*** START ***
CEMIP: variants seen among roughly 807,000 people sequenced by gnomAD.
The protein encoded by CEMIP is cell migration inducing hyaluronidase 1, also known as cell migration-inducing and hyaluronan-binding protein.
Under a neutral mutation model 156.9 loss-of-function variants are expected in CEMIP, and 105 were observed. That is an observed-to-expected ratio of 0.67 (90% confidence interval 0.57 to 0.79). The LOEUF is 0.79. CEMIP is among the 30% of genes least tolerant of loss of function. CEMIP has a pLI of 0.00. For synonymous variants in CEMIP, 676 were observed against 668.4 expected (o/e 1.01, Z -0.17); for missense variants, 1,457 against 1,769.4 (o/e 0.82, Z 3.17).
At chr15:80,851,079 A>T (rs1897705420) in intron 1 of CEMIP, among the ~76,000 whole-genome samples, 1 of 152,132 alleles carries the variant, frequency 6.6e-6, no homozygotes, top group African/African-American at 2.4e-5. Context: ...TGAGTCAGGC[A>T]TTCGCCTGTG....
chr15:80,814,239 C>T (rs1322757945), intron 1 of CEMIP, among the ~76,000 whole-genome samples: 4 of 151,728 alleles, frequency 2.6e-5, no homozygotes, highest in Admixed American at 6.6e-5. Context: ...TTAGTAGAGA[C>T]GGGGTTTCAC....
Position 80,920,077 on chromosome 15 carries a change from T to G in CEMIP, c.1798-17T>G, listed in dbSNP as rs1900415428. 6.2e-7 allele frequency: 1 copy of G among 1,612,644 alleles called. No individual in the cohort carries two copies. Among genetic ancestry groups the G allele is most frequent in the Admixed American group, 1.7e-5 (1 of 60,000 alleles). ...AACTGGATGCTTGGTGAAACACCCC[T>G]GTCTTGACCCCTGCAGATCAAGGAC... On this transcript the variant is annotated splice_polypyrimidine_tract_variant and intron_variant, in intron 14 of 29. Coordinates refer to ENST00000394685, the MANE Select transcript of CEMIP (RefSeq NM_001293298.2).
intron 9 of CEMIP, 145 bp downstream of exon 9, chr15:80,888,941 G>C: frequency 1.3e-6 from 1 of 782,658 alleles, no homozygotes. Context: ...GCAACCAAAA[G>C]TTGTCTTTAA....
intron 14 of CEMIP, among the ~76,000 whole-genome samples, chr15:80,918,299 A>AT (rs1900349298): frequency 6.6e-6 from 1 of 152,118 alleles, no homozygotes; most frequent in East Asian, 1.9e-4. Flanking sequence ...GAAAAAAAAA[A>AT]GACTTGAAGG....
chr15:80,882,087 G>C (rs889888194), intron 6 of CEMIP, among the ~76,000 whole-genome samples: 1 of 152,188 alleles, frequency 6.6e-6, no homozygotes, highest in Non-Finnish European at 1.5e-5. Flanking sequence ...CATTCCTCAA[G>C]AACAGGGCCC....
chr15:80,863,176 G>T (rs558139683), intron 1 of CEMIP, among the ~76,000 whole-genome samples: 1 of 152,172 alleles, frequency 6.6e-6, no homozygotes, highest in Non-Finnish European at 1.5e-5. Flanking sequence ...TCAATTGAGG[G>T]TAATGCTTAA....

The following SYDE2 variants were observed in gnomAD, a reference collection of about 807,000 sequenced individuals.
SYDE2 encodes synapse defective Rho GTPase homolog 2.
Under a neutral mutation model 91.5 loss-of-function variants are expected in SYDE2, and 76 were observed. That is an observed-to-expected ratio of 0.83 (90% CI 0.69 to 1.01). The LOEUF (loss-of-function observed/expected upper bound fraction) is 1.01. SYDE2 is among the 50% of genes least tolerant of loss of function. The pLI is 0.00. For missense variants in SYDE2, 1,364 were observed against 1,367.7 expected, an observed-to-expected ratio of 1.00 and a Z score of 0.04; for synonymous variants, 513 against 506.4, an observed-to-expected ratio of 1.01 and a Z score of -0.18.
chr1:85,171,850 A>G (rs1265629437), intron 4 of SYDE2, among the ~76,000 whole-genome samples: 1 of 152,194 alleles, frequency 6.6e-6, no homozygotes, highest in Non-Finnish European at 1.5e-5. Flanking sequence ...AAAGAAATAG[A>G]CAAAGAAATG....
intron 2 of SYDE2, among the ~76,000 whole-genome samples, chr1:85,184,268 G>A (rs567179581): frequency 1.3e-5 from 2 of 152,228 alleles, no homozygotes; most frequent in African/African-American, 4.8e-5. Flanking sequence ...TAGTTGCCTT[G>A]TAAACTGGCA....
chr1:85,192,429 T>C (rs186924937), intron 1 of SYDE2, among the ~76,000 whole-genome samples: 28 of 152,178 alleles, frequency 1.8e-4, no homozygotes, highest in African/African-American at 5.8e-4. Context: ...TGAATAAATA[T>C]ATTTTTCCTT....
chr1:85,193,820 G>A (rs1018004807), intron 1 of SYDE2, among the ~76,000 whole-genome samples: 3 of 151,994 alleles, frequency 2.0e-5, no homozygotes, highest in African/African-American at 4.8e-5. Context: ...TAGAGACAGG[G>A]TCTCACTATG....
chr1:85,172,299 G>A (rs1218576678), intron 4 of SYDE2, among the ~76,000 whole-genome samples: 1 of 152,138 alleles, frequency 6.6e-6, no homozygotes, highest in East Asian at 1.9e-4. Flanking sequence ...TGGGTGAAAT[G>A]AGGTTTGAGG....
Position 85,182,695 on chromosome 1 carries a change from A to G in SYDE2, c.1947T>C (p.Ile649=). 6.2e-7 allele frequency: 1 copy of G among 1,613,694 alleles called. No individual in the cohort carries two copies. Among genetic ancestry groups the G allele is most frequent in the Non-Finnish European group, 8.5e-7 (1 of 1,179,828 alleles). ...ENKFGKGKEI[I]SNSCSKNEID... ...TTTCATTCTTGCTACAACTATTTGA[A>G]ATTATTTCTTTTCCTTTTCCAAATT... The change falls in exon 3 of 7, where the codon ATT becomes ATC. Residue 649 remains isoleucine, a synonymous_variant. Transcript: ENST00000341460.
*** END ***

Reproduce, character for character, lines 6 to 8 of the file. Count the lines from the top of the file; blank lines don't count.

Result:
Position 80,920,077 on chromosome 15 carries a change from T to G in CEMIP, c.1798-17T>G, listed in dbSNP as rs1900415428. 6.2e-7 allele frequency: 1 copy of G among 1,612,644 alleles called. No individual in the cohort carries two copies. Among genetic ancestry groups the G allele is most frequent in the Admixed American group, 1.7e-5 (1 of 60,000 alleles). ...AACTGGATGCTTGGTGAAACACCCC[T>G]GTCTTGACCCCTGCAGATCAAGGAC... On this transcript the variant is annotated splice_polypyrimidine_tract_variant and intron_variant, in intron 14 of 29. Coordinates refer to ENST00000394685, the MANE Select transcript of CEMIP (RefSeq NM_001293298.2).
intron 9 of CEMIP, 145 bp downstream of exon 9, chr15:80,888,941 G>C: frequency 1.3e-6 from 1 of 782,658 alleles, no homozygotes. Context: ...GCAACCAAAA[G>C]TTGTCTTTAA....
intron 14 of CEMIP, among the ~76,000 whole-genome samples, chr15:80,918,299 A>AT (rs1900349298): frequency 6.6e-6 from 1 of 152,118 alleles, no homozygotes; most frequent in East Asian, 1.9e-4. Flanking sequence ...GAAAAAAAAA[A>AT]GACTTGAAGG....